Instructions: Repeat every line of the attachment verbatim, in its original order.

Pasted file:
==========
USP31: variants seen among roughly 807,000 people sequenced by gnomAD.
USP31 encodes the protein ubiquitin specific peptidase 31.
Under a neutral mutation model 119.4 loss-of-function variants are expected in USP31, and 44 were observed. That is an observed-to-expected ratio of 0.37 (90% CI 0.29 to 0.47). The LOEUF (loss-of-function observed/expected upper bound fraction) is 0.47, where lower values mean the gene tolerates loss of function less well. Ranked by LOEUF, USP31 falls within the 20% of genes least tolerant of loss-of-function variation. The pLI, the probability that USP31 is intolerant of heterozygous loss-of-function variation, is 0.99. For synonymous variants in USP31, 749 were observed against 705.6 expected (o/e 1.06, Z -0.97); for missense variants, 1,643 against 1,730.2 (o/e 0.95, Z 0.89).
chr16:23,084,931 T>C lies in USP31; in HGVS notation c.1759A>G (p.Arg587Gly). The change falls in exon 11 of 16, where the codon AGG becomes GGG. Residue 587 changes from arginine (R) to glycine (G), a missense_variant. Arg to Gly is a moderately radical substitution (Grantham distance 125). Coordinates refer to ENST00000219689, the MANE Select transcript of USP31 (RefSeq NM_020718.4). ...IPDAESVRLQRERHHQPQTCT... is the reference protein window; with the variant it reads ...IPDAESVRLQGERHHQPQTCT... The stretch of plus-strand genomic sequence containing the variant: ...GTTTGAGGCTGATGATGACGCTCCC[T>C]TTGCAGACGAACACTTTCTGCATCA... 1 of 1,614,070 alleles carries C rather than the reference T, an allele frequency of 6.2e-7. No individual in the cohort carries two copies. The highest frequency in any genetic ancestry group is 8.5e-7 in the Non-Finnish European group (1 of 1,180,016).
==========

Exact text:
USP31: variants seen among roughly 807,000 people sequenced by gnomAD.
USP31 encodes the protein ubiquitin specific peptidase 31.
Under a neutral mutation model 119.4 loss-of-function variants are expected in USP31, and 44 were observed. That is an observed-to-expected ratio of 0.37 (90% CI 0.29 to 0.47). The LOEUF (loss-of-function observed/expected upper bound fraction) is 0.47, where lower values mean the gene tolerates loss of function less well. Ranked by LOEUF, USP31 falls within the 20% of genes least tolerant of loss-of-function variation. The pLI, the probability that USP31 is intolerant of heterozygous loss-of-function variation, is 0.99. For synonymous variants in USP31, 749 were observed against 705.6 expected (o/e 1.06, Z -0.97); for missense variants, 1,643 against 1,730.2 (o/e 0.95, Z 0.89).
chr16:23,084,931 T>C lies in USP31; in HGVS notation c.1759A>G (p.Arg587Gly). The change falls in exon 11 of 16, where the codon AGG becomes GGG. Residue 587 changes from arginine (R) to glycine (G), a missense_variant. Arg to Gly is a moderately radical substitution (Grantham distance 125). Coordinates refer to ENST00000219689, the MANE Select transcript of USP31 (RefSeq NM_020718.4). ...IPDAESVRLQRERHHQPQTCT... is the reference protein window; with the variant it reads ...IPDAESVRLQGERHHQPQTCT... The stretch of plus-strand genomic sequence containing the variant: ...GTTTGAGGCTGATGATGACGCTCCC[T>C]TTGCAGACGAACACTTTCTGCATCA... 1 of 1,614,070 alleles carries C rather than the reference T, an allele frequency of 6.2e-7. No individual in the cohort carries two copies. The highest frequency in any genetic ancestry group is 8.5e-7 in the Non-Finnish European group (1 of 1,180,016).